American Art Songs & Instrumental Music by composer Juliana Hall

Composer and Pianist Juliana Hall

By encore time, she [Dawn Upshaw] had ... given a breathtaking display of virtuosity in Night Dances, a brilliant cycle of songs ... Juliana Hall used every trick in the book—melodic and half-spoken, tonal and nontonal.
— Joseph McLellan, The Washington Post

Juliana Hall caught much of Emily Dickinson's humor and gentle lyricism in seven songs drawn from her letters ...
A bright, extended tonality and a moving, spare lyricism allowed the texts to breathe ... the most genuinely moving music of the afternoon.
— Richard Dyer, The Boston Globe

... finest of all the works, we were treated to four extraordinarily beautiful Rilke Songs by Juliana Hall ... These songs were intimate, melancholy, haunting.
— Philip Greene, The New Haven Register

Juliana Hall is known primarily as an American art song and vocal chamber music composer whose works have been described as “brilliant” (Joseph McLellan,The Washington Post), “the most genuinely moving music of the afternoon” (Richard Dyer, The Boston Globe), and “legitimate modern heirs to the great tradition of German lieder” (Philip Greene, New Haven Register).

Among Hall’s many commissions are song cycles and vocal chamber works for Metropolitan Opera singers Dawn Upshaw and David Malis; Feminine Musique (a vocal duo comprised of MET singers Tammy Hensrud and Korliss Uecker); New York’s Mirror Visions Ensemble; and Philadelphia’s art song organization Lyric Fest.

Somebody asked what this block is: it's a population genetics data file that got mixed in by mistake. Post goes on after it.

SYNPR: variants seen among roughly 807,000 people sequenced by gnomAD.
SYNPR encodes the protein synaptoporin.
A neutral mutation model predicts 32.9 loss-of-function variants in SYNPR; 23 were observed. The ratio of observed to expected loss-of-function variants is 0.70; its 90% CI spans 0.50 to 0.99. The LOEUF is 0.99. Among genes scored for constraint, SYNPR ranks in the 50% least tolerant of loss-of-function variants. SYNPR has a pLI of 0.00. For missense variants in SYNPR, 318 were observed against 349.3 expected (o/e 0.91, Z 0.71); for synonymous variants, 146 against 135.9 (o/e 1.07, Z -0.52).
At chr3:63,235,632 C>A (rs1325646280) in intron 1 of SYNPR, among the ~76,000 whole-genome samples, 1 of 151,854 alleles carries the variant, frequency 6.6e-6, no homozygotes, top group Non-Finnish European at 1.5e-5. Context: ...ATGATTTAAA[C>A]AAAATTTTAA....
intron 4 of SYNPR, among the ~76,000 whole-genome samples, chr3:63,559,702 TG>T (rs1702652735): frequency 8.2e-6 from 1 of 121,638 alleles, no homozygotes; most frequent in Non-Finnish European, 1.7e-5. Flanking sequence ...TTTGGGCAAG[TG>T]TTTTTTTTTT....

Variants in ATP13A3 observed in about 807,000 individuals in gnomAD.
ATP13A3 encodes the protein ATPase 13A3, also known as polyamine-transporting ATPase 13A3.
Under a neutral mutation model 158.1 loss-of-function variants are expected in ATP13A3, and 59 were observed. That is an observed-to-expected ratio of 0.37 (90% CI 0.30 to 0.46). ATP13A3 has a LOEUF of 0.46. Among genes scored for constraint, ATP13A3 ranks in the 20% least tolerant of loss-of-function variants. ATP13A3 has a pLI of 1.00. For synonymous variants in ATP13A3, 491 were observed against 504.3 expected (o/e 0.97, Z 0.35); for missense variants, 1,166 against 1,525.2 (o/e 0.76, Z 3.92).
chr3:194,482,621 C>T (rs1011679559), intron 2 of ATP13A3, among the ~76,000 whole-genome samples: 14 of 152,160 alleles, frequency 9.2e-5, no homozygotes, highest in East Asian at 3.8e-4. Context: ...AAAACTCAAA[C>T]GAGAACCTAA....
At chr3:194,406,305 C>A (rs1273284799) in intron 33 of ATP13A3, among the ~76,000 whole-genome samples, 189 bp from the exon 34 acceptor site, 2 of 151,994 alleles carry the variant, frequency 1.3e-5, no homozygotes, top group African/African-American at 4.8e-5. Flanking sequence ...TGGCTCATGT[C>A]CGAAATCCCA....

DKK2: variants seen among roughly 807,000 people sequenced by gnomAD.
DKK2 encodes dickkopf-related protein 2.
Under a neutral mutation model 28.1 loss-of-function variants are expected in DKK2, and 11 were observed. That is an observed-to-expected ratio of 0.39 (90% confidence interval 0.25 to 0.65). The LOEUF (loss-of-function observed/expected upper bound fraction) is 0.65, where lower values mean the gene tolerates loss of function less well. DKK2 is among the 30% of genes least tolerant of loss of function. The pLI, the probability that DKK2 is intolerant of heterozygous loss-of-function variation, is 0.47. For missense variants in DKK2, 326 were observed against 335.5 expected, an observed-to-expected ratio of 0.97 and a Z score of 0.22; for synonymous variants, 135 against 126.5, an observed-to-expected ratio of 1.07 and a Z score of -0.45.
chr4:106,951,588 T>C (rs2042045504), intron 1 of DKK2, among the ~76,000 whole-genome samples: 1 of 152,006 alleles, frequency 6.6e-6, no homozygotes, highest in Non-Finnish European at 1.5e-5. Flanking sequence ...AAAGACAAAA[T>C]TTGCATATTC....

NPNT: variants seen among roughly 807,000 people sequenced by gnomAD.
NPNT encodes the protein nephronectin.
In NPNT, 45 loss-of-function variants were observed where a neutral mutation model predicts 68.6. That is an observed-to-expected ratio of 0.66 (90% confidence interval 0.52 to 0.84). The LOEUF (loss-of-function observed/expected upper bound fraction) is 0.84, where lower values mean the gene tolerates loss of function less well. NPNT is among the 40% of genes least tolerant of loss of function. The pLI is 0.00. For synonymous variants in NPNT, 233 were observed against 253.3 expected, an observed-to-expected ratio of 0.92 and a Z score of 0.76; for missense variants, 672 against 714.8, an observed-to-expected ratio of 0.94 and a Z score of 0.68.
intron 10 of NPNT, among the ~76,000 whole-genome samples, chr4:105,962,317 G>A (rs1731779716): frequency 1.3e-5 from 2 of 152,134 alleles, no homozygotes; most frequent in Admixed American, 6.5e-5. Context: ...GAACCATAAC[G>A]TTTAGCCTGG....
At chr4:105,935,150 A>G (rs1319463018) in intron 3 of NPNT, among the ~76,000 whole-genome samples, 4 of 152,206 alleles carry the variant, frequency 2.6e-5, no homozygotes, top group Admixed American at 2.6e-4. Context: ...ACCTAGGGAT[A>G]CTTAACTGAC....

Hall’s music has been heard in 26 countries on six continents, including performances at the 92nd Street Y in New York; Ambassador Auditorium in Los Angeles; Herbst Theatre in San Francisco; the Isabella Stewart Gardner Museum in Boston; the Kemper Art Museum in Saint Louis; the Library of Congress in Washington, DC; the Ordway Theater in St. Paul; Théâtre du Châtelet in Paris; and Wigmore Hall in London.

Hall's compositions have been presented at the Fall Island Vocal Arts Seminar, the Schubert Club Song Festival, SongFest, and the Norfolk, Ojai and Tanglewood music festivals as well, and have also been broadcast on the BBC and NPR radio networks, as well as by stations in Canada, England, France, Indonesia, the Netherlands, South Africa, and throughout the U.S.

A few of the many musicians performing Hall’s works are singers Julia Broxholm, Jane Bryden, Joel Burcham, Cherie Caluda, Amy Champagne, Katherine Eberle, Allegra Giagu, Christopher Dylan Herbert, Danya Katok, Richard Lalli, Cassandra Manning, Diana Newman, Stephen Salters, Pamela Jordan Schiffer, Jane Sheldon, and Jayne West; collaborative pianists Elizabeth Avery, Bretton Brown, Margo Garrett, Kayo Iwama, Gilbert Kalish, Sheila Kibbe, Mark Markham, Nicole Panizza, J. J. Penna, Karen Sauer, and Valerie Trujillo; and instrumentalists Sara Andon, Cecylia Barczyk, Lori Barnet, Tod Bowermaster, Eric Dahlin, Kate Dillingham, Natasha Farny, Carolyn Hove, Carrie Koffman, Clifford Leaman, Margaret Marco, Edward Palanker, Kristin Thelander, and Elena Yárritu.